When most people think of nerds, they imagine a decades-old character: a person obsessed with school or work, who has an outdated or undeveloped sense of style, doesn't show any interest in what other people think about them personally and may actively rebel against current concepts of what's cool, stylish, or even normal. You can find this archetype in popular culture from Jerry Lewis' Nutty Professor, to George McFly from Back to the Future, to Leonard Hoffstadter in The Big Bang Theory. These nerds tend to have a reasonably deep knowledge of a wealth of subjects, read anything they can get their hands on, can quote Star Wars and/or Star Trek to make a point in conversation, know the rules to their favorite edition of Dungeons and Dragons, enjoy Japanese animation, played an instrument in marching band, and can converse about anything (as long as it's not in a large group of strangers).

The above paragraph is a sweeping generalization, but that's the nature of an archetype (or stereotype if you want to view it from that angle). Pick any ten nerds at random and probably none of them will fit the above description exactly.

Real nerds have a variety of hobbies, personality traits, flaws, and strengths that make each nerd as individual as anyone else, but they all share common traits of very high intelligence, interest in intellectual improvement for its own sake, a lack of specific fashion awareness, and in some cases a tendency toward introversion or social ineptitude.   

Throughout this blog, you will find posts about nerd specializations. They're not meant to classify nerds into particular categories, but give you thumbnail sketches that help you identify a nerd's cultural preferences. This might help when planning things to do together, getting a gift, or starting a conversation, and it can help you understand why a person behaves in a way that seems odd to you. The nerd you know will probably fit into more than one category, but don't let that intimidate you, it just means your nerd has a lot of interests.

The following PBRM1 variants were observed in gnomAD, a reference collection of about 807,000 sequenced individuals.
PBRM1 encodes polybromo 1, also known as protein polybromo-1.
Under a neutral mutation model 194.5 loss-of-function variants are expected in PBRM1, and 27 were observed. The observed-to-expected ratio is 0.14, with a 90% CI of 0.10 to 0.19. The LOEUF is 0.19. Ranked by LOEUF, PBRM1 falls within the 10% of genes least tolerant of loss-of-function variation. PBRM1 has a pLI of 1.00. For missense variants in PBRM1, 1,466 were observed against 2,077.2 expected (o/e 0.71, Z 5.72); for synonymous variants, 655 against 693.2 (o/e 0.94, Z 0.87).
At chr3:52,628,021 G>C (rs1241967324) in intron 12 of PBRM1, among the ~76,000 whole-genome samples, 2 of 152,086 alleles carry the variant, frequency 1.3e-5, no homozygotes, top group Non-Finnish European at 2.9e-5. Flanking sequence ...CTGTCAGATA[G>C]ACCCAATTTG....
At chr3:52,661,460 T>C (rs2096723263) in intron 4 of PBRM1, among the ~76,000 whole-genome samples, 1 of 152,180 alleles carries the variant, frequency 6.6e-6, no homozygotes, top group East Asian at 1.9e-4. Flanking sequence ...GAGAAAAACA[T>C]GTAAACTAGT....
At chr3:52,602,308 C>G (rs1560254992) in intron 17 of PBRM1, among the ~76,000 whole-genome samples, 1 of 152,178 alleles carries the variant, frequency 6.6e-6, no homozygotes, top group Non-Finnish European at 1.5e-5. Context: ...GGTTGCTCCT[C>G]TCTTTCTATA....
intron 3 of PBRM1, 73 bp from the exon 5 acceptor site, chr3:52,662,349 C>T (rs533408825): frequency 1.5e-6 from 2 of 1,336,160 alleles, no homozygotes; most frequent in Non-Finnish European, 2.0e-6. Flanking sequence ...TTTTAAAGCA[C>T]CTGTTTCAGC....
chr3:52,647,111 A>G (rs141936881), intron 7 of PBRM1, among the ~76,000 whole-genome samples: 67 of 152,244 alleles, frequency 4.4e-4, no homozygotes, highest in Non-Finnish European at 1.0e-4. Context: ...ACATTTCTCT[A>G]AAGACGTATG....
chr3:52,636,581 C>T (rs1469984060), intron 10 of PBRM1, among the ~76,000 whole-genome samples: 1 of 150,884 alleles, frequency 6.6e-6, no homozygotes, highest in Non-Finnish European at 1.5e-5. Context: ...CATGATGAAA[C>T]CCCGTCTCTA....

There are certain stereotypes associated with nerds, and I admit many of them have a basis in reality, but it's not fair to assume a person can't match a shirt and tie just because he's good at orbital mechanics, or a person has trouble holding conversations in groups just because she's lead programmer for a major operating system.

Rather than looking at a nerd and assuming intelligence causes these stereotypical behaviors, try inverting your thinking. What if certain conditions cause a person to become a nerd? Do myopia and asthma contribute more to social anxiety and a lack of enthusiasm for sports than elevated intellect? Do social anxieties push a person toward an overdeveloped appreciation of books and films? Do certain combinations of physical limitations and shyness lead a person toward escapist entertainment such as fantasy, sci-fi and gaming? I believe so.

I also believe that nerdiness is a self-propagating state of being. Perhaps childhood asthma forces a boy away from the soccer field and toward the library, where the relatively safe enjoyment of fantasy novels encourages him to read more books than his peers. Pretty soon he’s known as a bookworm, and his classmates tease him for it. Rather than face ridicule, he buries himself in books and neglects his social skills. While his peers practice social interaction, the boy develops his vocabulary and reading comprehension. This process continues, and by the time he and his classmates have reached their late teens, the boy has developed a significantly higher intellect, but the price he pays is an atrophied social and cultural literacy.

There is nothing inherently wrong with being intelligent, and people can certainly function in society without following sports or fashion trends, but nerds tend to carry a heavier burden than simply not knowing whether or not to wear a skinny tie, or who was this year's Heisman Trophy winner. If you really want to be a good friend (or more) to a nerd, keep this in mind when you're faced with puzzling behaviors. 

Anyone is welcome to enjoy this site, but the articles are geared toward people who have most of the stereotypical nerd attributes, and people who are involved with nerds of this caliber.